At the recent CinemaCon presentations in Las Vegas, the studios employed everything from Broadway production values to superstar appearances to generate heat for their films. But there was no hotter topic than the concept of Screening Room, which wants to offer moviegoers new releases in their homes for $50 per viewing on the same day they hit theaters.
The plan is controversial for all the obvious reasons. It would upset the balance of exhibitors, distributors and filmmakers. That’s a perfect trifecta whereby each constituency loses. That said, the lesson of the last 15 years is that if you don’t embrace technology, it buries you.
Home viewing of first-run movies is an idea whose time has come, assuming security concerns are addressed. It’s the approach that’s the problem. The movie business is ripe for this type of change, just not the one proposed by the partners at Screening Room.
The better model for the future of the industry is MLB.com. Approximately 18 years ago, all of the major league teams assigned their Internet and digital rights to this outfit — a company that’s now worth billions of dollars, with value that accrues back to the owners of the content.
Similarly, the company that provides day-and-date releases should be owned by the major stakeholders — the studios as majority owners and exhibitors as minority owners. From an executive standpoint, no third party or outsider should be allowed to lead the service. It should only be operated by someone who has the full trust and confidence of the major players in the existing industry.
Pricing is another issue to be addressed. Home viewing would be a premium service with an addressable market of millions of homes, not tens of millions. It would also provide an opportunity to change the paradigm that the public pays the same price for all movies, whether they cost $2 million or $200 million to produce.
The determining factor in pricing for the home would be convenience. The $50 charge proposed by Screening Room is absurd and destructive — it would eviscerate the present business model. That’s less than a family of four would pay to go to the movies today. It’s even less than the service charges typically levied by companies like Ticketmaster and Stub Hub, and it undermines both exhibitors and distributors.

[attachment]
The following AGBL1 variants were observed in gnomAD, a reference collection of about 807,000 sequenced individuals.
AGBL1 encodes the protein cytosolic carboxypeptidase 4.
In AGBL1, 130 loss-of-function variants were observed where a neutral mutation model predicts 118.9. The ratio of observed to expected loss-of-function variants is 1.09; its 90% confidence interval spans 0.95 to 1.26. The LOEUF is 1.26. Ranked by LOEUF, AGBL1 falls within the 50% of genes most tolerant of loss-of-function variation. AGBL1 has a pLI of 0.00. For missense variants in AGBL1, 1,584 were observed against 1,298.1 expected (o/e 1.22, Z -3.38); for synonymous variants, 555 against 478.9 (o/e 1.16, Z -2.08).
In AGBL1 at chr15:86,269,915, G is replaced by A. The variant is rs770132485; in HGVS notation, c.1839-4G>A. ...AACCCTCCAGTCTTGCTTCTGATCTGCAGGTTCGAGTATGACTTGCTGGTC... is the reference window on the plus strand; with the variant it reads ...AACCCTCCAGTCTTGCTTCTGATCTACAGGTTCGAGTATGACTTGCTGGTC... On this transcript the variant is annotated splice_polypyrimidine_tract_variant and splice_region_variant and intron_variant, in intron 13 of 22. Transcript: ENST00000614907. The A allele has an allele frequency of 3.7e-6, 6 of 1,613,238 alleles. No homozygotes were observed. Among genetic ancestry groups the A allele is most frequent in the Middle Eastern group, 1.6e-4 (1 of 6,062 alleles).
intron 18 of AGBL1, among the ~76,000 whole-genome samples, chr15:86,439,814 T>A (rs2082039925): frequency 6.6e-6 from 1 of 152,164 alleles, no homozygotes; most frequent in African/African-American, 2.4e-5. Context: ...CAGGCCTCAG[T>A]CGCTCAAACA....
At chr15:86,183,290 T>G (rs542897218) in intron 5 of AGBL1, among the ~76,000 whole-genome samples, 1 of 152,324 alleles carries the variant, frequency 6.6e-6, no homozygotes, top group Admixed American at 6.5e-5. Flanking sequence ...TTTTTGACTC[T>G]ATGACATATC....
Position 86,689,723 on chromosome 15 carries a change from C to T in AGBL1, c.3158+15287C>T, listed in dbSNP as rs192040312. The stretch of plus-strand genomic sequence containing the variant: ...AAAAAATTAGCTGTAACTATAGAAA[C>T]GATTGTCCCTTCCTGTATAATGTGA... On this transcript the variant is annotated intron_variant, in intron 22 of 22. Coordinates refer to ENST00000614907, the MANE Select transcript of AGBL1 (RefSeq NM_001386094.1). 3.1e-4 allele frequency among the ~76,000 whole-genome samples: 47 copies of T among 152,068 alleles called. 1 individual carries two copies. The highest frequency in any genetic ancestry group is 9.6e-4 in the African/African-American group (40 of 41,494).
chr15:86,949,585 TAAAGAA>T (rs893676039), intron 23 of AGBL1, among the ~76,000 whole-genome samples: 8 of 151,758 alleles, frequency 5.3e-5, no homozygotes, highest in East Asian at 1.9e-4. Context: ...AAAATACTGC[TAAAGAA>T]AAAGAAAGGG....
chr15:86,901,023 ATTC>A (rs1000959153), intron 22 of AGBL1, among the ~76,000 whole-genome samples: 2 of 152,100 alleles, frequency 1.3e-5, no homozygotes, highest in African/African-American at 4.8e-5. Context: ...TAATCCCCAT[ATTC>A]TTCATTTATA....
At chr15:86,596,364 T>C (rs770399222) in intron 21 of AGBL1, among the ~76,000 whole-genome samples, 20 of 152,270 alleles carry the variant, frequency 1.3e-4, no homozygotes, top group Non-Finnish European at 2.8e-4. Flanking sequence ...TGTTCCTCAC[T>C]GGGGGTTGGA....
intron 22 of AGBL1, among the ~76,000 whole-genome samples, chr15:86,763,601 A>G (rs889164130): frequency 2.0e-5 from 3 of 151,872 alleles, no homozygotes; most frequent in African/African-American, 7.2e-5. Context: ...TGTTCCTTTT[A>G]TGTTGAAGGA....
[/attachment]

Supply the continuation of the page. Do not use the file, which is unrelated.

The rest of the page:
Our friends in Silicon Valley, like the ones behind Screening Room, have never understood nor appreciated the value of content, which is why technology companies have an abysmal record of creating it and why there has been underlying tension between Silicon Valley and Hollywood. It’s the Hollywood content that has been pirated — not the devices they are played on.
The only ones qualified to price the content are the studios. Home viewing of a lower-budgeted movie like “Brooklyn” or “The Room” might cost $200 to $250, while a blockbuster like “Jurassic World” or “Star Wars” might be $600 to $700.
This is analogous to how pricing evolved in the live music business.
When I took over a struggling company called Ticketmaster in the early 1980s, no one scaled concert tickets. They were all priced at $18 to $25, front row to back row. Today, ticket pricing is scaled and people pay as much as $5,000 or more per ticket for VIP access.
Not everyone will be willing or able to spend hundreds of dollars to receive first-run movies in their homes. But a lot of people will. It’s called convenience. People aren’t only paying for the movie, they are paying for the convenience of having it in their own home. And as a result, the pool of dollars will grow.
The incremental revenue will go where it belongs, shared between the studios and the exhibitors. And affordable movies will still be affordable — whether it’s in multiplexes or at home following the usual windows of pay per view, digital and DVD.
That’s the best formula for success.